>I suppose the long waiting period for each step of the publishing process would bother me. Marketing is an important step no matter what you have to sell. Any salesman would tell you to use every tool in the box if you're serious about selling. I've already begun my marketing campaign and I'm only halfway through the writing of my book. Which means I've given myself a headstart because building a following takes time. In my humble opinion, if you aren't willing to putting in 100% effort in marketing AND writing, you shouold expect to succeed in selling.Every rejection, every flaw in the story, every bit of advice is an opportunity to learn and improve. Glad to see that most of us get it.

  • Melissa

    >The blogging thing is … I dunno, I just don’t get it right now. Social networking can be extremely time-consuming, too. This part is very difficult for me, because as a general rule, I don’t like engaging with people except those I know well. Blogging, Twitter, Facebook, etc., just feel too … something. Something I’m not comfortable with.

    OTOH, I adore the idea of specializing in a genre. One thing that I find very disappointing is discovering a new romance author and following said author for a few years only to have the “old bait & switch” pulled on me – suddenly, the author is writing suspense or whatnot.

  • Peter DeHaan

    >The advice that is hardest for me to accept is that I need to specialize in a genre. I have ideas in three different areas and am dismayed that I will need to pick one.

  • colleen laquay urbaniuk

    >i love reading your posts, i think you have great advice. thanks for trying to make this writing "world" easier for the rest of us. your passion does not go unnoticed. have an AMAZING day in Him!!!

  • Kate

    >Rachelle,

    Thanks for alerting us to some of the messages we might not want to hear…being prepared helps diffuse a negative response and kindness can prevail!

    Many moons (years, actually) ago, I didn't want to make changes in a manuscript I had submitted to a Christian publishing house. The story happened to be very personal, and at that time, I couldn't emotionally handle the idea of changing the story.

    This time around,though, I am planning to be agreeable in discussing suggestions an agent or publisher might have. I believe agents are sincerely trying to balance the author's best interest with the publisher's need to be profitable.

  • Tiffany A White

    >Will you recommend a site or style guide that lists the different guidelines per genre?

  • Rudywg

    >This past weekend I attended the Grub Street writer's conference in Boston. One of the workshops was called Literary Idol. Writer's would bring the first 250 words of their book, identified only by title and genre. An actor read the submissions aloud. A panel of 3 agents would hold their hand up at the point when they would stop reading, if this had been submitted to them. Once two agents hands were up, the actor stopped reading and the agents critiqued the piece. During a 90-minute workshop, only one piece was read to completion.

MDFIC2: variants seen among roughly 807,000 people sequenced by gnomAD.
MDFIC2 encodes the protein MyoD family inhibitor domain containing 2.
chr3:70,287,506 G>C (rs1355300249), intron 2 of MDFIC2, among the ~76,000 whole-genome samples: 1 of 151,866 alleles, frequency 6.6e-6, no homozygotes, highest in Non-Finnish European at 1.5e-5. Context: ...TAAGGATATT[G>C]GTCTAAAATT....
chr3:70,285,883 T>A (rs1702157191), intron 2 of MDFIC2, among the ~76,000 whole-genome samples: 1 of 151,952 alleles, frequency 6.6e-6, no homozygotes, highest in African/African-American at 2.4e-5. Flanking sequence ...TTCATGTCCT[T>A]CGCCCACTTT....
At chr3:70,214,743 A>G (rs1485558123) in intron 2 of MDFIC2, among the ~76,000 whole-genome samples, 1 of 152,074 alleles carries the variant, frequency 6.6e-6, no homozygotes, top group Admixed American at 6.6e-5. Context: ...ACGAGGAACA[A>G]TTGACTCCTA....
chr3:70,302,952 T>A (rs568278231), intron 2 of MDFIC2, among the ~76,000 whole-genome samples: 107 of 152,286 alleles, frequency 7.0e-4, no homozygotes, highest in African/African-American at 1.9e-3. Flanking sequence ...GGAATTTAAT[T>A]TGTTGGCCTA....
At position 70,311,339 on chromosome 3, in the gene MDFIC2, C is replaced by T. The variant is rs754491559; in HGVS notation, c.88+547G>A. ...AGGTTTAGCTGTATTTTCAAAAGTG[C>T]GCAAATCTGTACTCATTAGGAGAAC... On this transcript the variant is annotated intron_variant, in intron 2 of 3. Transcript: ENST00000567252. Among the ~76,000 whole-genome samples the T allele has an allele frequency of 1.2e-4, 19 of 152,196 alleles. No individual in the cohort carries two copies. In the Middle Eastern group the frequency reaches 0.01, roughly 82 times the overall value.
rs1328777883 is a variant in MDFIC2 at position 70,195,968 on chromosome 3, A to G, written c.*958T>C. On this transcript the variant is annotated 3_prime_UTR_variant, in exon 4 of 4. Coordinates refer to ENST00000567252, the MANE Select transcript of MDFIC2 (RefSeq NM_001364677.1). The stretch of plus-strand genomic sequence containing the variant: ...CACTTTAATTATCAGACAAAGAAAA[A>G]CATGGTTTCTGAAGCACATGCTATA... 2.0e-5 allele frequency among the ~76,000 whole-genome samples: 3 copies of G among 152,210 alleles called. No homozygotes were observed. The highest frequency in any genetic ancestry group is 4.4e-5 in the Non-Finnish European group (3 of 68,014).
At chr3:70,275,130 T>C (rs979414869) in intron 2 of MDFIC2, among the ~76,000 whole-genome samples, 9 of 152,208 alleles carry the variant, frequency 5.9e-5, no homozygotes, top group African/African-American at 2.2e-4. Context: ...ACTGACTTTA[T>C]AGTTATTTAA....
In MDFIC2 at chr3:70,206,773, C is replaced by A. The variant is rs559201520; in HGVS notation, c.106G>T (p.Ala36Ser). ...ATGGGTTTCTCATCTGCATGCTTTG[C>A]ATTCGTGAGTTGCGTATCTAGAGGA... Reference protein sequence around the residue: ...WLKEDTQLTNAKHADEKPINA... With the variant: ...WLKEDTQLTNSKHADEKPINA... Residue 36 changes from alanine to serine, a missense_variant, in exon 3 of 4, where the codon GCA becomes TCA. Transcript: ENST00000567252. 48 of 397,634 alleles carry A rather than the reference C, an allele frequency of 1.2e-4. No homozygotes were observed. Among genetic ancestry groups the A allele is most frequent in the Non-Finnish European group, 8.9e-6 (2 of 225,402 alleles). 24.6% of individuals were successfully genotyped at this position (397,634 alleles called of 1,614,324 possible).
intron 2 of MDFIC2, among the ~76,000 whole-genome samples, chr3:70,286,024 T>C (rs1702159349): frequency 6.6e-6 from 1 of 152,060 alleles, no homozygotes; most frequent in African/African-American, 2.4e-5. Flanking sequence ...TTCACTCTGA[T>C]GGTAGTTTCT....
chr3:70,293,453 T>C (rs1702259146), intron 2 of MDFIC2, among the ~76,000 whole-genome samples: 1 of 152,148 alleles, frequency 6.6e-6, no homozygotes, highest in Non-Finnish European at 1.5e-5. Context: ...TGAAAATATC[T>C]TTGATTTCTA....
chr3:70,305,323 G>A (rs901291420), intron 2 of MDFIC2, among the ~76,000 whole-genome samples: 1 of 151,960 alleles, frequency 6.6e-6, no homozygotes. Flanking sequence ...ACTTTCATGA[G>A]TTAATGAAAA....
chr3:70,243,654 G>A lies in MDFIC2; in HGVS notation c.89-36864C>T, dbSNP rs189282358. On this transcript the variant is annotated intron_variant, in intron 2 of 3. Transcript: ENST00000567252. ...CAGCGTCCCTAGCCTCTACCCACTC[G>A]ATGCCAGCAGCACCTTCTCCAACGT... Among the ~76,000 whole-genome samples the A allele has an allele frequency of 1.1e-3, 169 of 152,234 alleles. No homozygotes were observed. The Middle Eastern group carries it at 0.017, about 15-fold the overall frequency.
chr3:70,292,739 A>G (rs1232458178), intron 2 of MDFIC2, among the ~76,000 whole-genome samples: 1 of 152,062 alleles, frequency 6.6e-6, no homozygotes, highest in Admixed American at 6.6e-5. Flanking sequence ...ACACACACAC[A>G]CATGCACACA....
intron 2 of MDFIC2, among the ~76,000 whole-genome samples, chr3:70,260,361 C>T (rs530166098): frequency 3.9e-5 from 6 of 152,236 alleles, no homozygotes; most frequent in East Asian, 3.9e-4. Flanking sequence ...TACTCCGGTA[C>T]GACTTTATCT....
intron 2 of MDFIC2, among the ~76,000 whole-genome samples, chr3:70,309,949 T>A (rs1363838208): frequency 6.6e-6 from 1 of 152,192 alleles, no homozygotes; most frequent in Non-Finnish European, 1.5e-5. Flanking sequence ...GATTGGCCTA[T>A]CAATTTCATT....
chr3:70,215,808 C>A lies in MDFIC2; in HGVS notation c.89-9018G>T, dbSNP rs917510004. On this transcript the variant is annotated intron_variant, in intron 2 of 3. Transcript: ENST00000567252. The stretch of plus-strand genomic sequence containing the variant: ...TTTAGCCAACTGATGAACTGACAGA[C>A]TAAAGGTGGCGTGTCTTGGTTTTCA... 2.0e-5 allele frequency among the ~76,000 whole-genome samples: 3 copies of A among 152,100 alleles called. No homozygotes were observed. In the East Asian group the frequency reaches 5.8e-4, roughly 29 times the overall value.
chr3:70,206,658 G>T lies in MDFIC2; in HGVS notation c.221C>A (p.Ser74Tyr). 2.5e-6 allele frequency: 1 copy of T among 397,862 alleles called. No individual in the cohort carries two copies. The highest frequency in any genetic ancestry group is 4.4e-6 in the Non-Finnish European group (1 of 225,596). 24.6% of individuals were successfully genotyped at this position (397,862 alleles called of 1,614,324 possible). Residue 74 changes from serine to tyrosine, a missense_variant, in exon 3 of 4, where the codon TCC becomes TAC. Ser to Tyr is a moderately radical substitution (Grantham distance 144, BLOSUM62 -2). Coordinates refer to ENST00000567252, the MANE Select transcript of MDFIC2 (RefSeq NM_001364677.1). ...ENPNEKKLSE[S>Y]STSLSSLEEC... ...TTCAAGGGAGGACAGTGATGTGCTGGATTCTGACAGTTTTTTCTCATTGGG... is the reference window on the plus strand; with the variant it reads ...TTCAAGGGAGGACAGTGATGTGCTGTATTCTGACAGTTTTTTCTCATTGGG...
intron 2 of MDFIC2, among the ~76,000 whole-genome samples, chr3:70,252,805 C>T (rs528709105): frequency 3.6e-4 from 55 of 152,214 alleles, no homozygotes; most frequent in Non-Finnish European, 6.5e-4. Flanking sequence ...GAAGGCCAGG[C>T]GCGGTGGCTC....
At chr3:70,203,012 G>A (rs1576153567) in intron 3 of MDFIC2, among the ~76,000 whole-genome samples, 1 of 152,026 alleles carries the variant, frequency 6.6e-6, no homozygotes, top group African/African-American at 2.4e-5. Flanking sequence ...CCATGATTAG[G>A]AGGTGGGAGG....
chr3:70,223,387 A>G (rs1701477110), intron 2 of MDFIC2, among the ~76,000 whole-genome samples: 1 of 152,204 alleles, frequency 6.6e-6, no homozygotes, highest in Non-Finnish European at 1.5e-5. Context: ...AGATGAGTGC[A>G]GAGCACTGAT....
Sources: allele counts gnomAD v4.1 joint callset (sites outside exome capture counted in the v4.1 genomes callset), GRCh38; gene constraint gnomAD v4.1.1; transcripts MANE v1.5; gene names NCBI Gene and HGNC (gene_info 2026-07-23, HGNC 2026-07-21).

Some writer's called the experience brutal, but it gave incredible insight into how professionals viewed and analysed a piece.
    When the agents critiqued my piece, they referred to it as a medical memoir, but it's not a medical memoir. Now I know I'm starting my book in the wrong place and knowing that is huge.
    I've decided the best way to survive, is to focus on the fact that every "no" gets you one step closer to a "yes."
    Thanks for your blog.

  • Merrie Destefano

    >Argh. Can I just say that I hate the fact that my computer randomly changes my name to Merriest and I don't always catch it? It's like an evil, identity-theft game that we always play. And unfortunately, this time my computer won.

  • Merrie Destefano

    >Marcy,
    Hi! I sincerely appreciate your opinion. I know most people disagree. I guess I was just responding to my personal history with the dreaded short story and non-fiction article.

    I wrote short stories for years and submitted them faithfully. I also worked as the publisher and editor for a Christian publishing house, and then worked for five years as the editor of a national magazine. During my time as an editor I wrote more magazine articles than I can count.

    But in the end, what ultimately sold my books were the books themselves. Yes, my writing improved with each thing I wrote, but I honestly believe that my writing would have improved by simply writing more books. The story arc in a book is unique, in my opinion, and something that can only be learned from writing a book.

    I really wish that someone during that long period would have told me to just write what I love.

  • Jon M Humphries

    >I can handle the rejection and all of the reasons why. It's not the bad news that bothers me. It's the "no news at all" approach that is the most discouraging. I can't even begin to tell you have rejections I've received that say simply "pass".

    Also, while I agree with the assertion that agents, like writers to an extent, are merely a cog in the wheel of the greater machine, I believe that by the very purpose they serve, agents have the advantage of be a very influential "cog", so to speak. In reality, the agent has the ear of the writer and the publisher and as such, should certainly use that vantage point as a means for change in the industry where change is needed.

    Easier said than done, I know.